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What Can a Circle Do?

November 30, 2021 | Tania Oro-Hahn

“Above all, love each other deeply, because love covers over a multitude of sins.”  1 Peter 4:8

The bible says, “Love covers a multitude of sins.”  To me this means that when our hearts are warmed toward others, we can listen better, empathize more, and offer greater generosity.  Love helps us care more deeply and understand more readily.  

At Mustard Seed School, we strive to build a loving community, always.  Making time for community is how we create safe spaces where student engagement, student learning, and social emotional growth can flourish. 

How do we build community?  How do teachers in all our classrooms strive for creating a psychologically safe environment?  This is no easy task and often our classrooms seem to be spaces where there is much play.  But our play is fundamental to our community.  Play is sometimes our work too.  Play helps us engage in friendship, get to know each other and primes us to learn. 

What helps students learn and grow?  Research tells us that students accomplish tasks and engage in real learning when they feel loved, welcomed, known, and accepted.  Belonging is key to our emotional and intellectual growth.  Students will take risks when their community is willing to show them love, grace, and kindness?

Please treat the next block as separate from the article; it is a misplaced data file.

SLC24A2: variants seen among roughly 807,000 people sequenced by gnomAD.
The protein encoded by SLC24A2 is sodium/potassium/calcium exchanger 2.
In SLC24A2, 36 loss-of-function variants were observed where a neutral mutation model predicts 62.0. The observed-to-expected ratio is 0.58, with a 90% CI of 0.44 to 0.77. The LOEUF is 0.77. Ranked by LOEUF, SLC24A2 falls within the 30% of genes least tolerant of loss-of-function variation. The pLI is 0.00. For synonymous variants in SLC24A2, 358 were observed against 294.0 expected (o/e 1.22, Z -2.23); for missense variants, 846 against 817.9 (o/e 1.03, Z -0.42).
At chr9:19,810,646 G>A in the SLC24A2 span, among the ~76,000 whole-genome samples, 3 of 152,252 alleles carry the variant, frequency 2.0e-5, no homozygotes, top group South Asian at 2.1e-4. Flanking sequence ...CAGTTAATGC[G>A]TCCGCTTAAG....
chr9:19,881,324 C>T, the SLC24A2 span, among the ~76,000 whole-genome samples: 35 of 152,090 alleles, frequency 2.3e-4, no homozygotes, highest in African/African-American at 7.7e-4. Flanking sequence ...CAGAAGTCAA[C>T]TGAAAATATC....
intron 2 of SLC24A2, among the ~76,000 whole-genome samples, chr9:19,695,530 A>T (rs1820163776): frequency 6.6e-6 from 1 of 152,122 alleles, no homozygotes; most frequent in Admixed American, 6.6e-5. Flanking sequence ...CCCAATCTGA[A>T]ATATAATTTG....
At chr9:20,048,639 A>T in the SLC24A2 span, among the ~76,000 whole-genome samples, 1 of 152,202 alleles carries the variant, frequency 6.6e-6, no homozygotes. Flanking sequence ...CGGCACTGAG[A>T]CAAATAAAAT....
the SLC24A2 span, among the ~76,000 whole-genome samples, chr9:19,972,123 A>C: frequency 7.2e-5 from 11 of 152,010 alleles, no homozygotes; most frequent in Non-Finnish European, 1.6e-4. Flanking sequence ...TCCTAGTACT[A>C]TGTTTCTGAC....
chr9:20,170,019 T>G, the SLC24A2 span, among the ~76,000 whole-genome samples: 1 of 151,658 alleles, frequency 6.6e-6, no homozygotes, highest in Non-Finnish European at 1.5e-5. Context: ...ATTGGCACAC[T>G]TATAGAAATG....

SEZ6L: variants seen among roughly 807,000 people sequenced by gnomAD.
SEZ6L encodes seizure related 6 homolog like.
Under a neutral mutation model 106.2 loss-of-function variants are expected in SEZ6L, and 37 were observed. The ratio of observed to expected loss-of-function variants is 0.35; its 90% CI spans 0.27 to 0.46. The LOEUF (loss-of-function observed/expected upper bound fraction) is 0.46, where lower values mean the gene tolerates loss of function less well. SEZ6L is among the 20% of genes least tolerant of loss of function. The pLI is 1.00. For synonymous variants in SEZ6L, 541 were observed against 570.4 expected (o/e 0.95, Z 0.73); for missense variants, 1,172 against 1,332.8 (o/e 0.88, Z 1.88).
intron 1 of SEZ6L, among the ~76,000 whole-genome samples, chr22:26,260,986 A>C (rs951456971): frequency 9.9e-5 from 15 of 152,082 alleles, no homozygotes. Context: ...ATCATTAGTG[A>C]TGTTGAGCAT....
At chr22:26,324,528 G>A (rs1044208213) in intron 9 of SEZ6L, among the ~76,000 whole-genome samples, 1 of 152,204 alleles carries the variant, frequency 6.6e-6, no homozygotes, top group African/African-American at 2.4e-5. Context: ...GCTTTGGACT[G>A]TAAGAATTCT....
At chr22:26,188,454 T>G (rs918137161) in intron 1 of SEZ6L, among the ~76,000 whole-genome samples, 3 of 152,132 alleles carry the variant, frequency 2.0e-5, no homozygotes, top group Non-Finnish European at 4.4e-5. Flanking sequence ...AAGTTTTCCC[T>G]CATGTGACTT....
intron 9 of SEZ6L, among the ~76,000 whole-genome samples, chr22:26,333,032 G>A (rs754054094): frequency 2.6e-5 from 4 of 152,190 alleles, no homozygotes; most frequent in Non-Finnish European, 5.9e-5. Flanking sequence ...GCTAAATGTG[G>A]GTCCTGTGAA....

In October, students learned how to use Restorative Practices Circles.  They learned a protocol for engaging that slows down our talking and emphasizes our listening.  One thing I love about using circles is that it gives us opportunities to intentionally listen well to our classmates, not feel rushed to speak and know for sure, everyone will have a turn to speak. We use Restorative Practices Circles to build “muscle memory” when listening to others and engaging one another.  

What happens when someone in the community cannot reach out with kindness, grace, patience, or love?  Restorative practices give us habits for positive engagement and Restorative Justice gives us practices to help address conflict and broken relationships.  We have practiced how to engage in fun and authentic ways, and when conflict arises, we will use Restorative Justice principles to aid our conversations and resolve conflicts.  

Please pray for us as we seek to build community after many hybrid moments and restrictions that still impact our school traditions.  We are learning a new normal and we are looking for ways to grow our community.  If you are interested in participating in A short term Restorative Family Circles.  Click the link to register. There is still time to register.

Tania Oro-Hahn

Spanish, Grades Two through Eight; Director of Diversity, Equity, and Inclusion

Señora Oro-Hahn was drawn to Mustard Seed School because of its mission to serve an economically and racially diverse community. Teaching students has been a part of Sr. Oro-Hahn’s life for the past 30 years. Prior to working at Mustard Seed School, she worked with college students through InterVarsity Christian Fellowship. She has a passion for helping students grow spiritually and linguistically. Sr. Oro-Hahn’s goals as a teacher are to create a loving classroom community so that students will understand the perspective of other cultures, be brave, and take a risk in speaking Spanish, realizing how fun it is to use language. As a language teacher, Sr. Oro-Hahn strives to make work seem more like play, and so she often uses games, skits, and group activity in the classroom. She loves to mentor students.

Sr. Oro-Hahn uses her art background to help students illustrate poetry, and develop creative dramatic ways to communicate in Spanish.

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